The New Zealand housing market is surging, with record prices recorded in Auckland and over much of the country. The current discrepancy between supply and demand and wider economic environment has led to a sharp rise in building consents, with house consent levels almost surpassing long-standing 1970s records as they "continue to defy gravity". If the current rate of building consents continues, annual figures could rise above 70s levels and put some much-needed downward pressure on property prices.
According to new data from Stats NZ, a record 11,291 new dwellings were consented in the December quarter. The previous quarterly record was set way back in December 1973, when 10,713 new homes were consented. According to Michael Heslop from Stats NZ, however, 70s figures are still much higher when you consider population size and consent numbers issued per 1000 residents: “The number of new homes consented per 1000 residents in the December 2020 year was 7.8, while the record was in the December 1973 year at 13.4. The population of New Zealand in the mid-1970s was around 3 million, compared with about 5 million today.”
Despite this divergence, current levels come during a global pandemic when few people expected to see such strong growth. Over the 12 months ending December, 39,420 new dwellings were consented across New Zealand, which was an increase of 4.8% from 2019. While consents were up across the country, Auckland and Canterbury saw particularly strong figures at 9.9% and 11% growth respectively. There was a sharp increase in consents for new townhouses, flats, and units, which accounted for almost a third of the total.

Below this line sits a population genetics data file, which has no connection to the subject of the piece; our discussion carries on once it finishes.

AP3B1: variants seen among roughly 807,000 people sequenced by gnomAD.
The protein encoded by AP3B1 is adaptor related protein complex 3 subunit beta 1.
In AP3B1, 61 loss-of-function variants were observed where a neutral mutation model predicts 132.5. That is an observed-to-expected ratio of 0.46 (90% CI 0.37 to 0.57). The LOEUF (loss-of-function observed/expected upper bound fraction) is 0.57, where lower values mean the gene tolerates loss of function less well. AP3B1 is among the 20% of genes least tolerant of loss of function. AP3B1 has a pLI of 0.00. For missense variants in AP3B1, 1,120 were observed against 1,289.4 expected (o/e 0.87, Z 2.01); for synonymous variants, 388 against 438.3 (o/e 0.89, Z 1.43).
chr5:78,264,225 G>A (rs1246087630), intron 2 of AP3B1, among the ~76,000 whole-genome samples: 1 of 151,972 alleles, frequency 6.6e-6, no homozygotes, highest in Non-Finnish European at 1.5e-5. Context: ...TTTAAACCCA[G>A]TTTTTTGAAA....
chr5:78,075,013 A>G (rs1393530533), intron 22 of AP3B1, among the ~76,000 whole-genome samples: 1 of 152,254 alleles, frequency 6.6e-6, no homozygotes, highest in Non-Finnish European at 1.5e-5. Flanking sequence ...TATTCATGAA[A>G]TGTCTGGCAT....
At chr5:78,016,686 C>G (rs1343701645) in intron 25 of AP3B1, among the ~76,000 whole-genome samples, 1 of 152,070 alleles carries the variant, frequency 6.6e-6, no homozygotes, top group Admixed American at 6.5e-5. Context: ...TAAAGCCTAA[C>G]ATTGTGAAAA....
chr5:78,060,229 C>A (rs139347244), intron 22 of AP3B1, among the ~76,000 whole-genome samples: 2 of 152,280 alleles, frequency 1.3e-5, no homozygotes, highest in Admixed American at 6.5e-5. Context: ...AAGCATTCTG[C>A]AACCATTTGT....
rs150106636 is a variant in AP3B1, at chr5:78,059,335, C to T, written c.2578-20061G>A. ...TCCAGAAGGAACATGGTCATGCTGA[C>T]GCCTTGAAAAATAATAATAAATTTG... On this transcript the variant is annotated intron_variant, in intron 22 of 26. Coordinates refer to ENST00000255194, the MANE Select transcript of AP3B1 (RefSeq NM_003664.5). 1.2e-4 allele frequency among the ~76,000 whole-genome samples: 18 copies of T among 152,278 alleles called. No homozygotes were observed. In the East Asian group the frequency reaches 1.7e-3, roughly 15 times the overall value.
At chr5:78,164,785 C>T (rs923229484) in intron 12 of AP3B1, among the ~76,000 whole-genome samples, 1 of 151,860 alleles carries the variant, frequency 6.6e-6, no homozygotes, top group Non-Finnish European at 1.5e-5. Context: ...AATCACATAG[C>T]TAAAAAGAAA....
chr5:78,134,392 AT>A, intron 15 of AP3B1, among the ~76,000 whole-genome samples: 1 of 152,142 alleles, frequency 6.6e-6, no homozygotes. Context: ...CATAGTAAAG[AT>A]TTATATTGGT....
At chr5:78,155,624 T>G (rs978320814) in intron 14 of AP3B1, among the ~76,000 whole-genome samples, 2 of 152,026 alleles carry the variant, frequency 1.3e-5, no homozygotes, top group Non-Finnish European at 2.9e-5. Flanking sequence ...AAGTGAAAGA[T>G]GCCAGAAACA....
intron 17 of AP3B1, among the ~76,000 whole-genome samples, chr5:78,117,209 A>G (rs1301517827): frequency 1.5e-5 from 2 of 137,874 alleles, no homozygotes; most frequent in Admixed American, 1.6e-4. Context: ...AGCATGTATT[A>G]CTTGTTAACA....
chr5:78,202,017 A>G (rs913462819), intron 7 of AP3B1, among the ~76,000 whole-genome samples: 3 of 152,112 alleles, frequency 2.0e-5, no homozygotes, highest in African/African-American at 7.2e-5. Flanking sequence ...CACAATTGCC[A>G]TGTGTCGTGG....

Building consents indicate an intention to build, with most constructions completed a year or two after the consent is granted. While COVID-19 is likely to cause delays, this is good news for a struggling economy and out-of-control property sector. According to Heslop, “Typically, high levels of new homes consented are followed by high levels of building activity in following quarters, which has wide benefits for the economy.” Kiwibank chief economist Jarrod Kerr estimates the conversion rate of consents to new dwellings to be between 80 and 90%, even during such challenging times. If this transforms into real activity, we could see a strong period of home building throughout 2021 and 2022.
According to Westpac senior economist Satish Ranchhod, “Much of the strength in issuance has been centred on Auckland, where just under 16,700 new dwellings were consented over the past year. That’s more than enough to keep up with population growth, and if that pace can be sustained it will erode the shortage of houses in the region... That’s being underpinned by the low level of interest rates and strong gains in house prices, which are boosting developers’ confidence. Yesterday’s labour market data signalled that this is already boosting employment in the construction sector.”